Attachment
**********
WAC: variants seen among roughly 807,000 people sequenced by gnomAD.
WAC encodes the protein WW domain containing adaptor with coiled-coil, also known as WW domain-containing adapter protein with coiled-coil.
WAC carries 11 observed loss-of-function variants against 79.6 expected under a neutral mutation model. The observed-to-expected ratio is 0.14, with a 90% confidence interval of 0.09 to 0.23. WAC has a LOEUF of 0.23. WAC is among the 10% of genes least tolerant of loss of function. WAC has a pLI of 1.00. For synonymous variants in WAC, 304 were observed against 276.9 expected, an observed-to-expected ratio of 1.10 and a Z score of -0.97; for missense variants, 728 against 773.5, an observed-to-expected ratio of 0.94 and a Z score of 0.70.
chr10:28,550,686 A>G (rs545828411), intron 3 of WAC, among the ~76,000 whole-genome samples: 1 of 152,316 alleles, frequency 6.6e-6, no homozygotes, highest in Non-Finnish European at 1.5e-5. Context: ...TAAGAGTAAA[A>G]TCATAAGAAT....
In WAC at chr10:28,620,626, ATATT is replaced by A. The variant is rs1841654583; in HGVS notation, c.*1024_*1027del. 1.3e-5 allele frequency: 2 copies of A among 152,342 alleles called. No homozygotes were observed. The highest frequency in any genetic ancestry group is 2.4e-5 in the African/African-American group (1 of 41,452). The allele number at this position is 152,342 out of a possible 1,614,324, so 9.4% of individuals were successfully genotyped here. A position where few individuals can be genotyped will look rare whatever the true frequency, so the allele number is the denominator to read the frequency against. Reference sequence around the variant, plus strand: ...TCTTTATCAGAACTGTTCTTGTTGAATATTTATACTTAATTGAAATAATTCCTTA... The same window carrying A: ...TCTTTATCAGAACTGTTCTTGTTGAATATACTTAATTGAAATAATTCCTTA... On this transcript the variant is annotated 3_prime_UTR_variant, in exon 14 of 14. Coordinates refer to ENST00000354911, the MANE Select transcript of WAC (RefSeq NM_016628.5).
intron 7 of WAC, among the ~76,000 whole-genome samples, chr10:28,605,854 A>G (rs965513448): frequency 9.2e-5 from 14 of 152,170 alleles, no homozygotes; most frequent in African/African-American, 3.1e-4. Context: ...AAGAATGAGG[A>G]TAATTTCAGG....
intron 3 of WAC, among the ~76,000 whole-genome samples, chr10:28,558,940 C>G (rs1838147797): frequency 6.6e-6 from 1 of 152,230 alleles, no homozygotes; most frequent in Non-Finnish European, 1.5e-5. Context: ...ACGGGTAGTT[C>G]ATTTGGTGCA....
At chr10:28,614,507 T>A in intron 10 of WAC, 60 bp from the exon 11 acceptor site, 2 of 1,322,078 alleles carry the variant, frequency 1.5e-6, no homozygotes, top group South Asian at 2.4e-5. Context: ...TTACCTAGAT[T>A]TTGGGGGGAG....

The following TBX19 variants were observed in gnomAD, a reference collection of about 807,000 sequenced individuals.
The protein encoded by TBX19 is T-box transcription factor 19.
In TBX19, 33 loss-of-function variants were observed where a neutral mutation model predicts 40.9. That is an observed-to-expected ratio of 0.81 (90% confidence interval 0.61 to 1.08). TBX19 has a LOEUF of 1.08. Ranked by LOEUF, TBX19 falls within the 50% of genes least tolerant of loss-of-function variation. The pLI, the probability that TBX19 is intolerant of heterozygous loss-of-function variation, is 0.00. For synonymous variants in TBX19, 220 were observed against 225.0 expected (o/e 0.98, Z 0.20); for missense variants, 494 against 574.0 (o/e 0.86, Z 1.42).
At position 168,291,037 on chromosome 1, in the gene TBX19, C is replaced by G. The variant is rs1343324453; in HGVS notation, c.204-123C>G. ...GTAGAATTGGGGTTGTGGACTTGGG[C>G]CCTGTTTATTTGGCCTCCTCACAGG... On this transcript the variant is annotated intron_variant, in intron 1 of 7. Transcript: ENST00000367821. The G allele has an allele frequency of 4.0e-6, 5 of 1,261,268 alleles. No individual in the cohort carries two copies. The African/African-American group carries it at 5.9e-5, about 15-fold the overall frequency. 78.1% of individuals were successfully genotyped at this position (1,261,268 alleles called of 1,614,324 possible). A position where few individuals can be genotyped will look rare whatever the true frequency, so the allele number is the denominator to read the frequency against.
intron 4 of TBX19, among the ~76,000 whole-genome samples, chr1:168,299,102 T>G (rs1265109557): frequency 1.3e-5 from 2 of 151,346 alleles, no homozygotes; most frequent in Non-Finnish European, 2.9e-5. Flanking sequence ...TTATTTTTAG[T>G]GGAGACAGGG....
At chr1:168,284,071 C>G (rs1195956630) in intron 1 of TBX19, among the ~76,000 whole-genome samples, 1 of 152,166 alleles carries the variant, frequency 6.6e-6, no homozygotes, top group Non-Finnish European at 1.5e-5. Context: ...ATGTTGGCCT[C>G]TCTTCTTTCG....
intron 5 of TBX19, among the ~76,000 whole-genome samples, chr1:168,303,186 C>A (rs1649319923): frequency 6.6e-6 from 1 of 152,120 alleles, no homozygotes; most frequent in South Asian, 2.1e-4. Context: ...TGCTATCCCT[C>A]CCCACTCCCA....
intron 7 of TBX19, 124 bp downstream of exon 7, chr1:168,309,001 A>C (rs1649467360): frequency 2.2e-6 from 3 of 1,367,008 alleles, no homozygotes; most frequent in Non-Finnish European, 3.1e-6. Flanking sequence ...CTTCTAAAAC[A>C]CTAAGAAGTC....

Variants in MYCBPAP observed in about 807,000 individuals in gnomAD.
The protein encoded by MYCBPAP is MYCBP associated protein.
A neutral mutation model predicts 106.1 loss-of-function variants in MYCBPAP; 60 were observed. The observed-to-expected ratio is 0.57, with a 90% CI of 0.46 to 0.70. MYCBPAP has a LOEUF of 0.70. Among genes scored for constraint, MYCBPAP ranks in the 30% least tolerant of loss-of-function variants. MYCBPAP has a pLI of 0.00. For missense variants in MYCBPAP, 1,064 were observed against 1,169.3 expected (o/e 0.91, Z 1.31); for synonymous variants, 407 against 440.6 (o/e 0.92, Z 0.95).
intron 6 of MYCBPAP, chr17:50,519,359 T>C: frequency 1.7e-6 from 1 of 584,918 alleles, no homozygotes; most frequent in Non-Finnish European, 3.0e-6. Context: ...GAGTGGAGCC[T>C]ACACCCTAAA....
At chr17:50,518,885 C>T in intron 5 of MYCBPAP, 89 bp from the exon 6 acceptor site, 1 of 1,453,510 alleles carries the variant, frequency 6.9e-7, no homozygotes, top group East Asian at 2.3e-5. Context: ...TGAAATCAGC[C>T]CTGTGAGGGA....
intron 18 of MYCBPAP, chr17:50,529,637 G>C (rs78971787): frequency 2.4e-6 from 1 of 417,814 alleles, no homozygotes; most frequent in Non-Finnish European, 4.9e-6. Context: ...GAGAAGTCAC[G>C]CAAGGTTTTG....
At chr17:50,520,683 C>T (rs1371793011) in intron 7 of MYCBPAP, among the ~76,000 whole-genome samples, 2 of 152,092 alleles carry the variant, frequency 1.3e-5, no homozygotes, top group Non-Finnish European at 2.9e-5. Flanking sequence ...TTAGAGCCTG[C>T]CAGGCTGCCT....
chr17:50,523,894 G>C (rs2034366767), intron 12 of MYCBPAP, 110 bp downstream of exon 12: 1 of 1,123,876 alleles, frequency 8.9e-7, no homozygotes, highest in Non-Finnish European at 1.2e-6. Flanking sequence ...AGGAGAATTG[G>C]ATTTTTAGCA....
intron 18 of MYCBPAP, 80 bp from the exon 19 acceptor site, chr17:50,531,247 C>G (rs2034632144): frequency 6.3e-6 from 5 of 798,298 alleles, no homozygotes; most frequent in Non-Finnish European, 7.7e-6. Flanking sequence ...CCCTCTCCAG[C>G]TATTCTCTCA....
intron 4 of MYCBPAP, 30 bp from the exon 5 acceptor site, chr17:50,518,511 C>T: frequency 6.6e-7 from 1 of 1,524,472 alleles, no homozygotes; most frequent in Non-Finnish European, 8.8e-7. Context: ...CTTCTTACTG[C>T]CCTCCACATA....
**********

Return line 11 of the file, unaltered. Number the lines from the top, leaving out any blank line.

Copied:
In TBX19, 33 loss-of-function variants were observed where a neutral mutation model predicts 40.9. That is an observed-to-expected ratio of 0.81 (90% confidence interval 0.61 to 1.08). TBX19 has a LOEUF of 1.08. Ranked by LOEUF, TBX19 falls within the 50% of genes least tolerant of loss-of-function variation. The pLI, the probability that TBX19 is intolerant of heterozygous loss-of-function variation, is 0.00. For synonymous variants in TBX19, 220 were observed against 225.0 expected (o/e 0.98, Z 0.20); for missense variants, 494 against 574.0 (o/e 0.86, Z 1.42).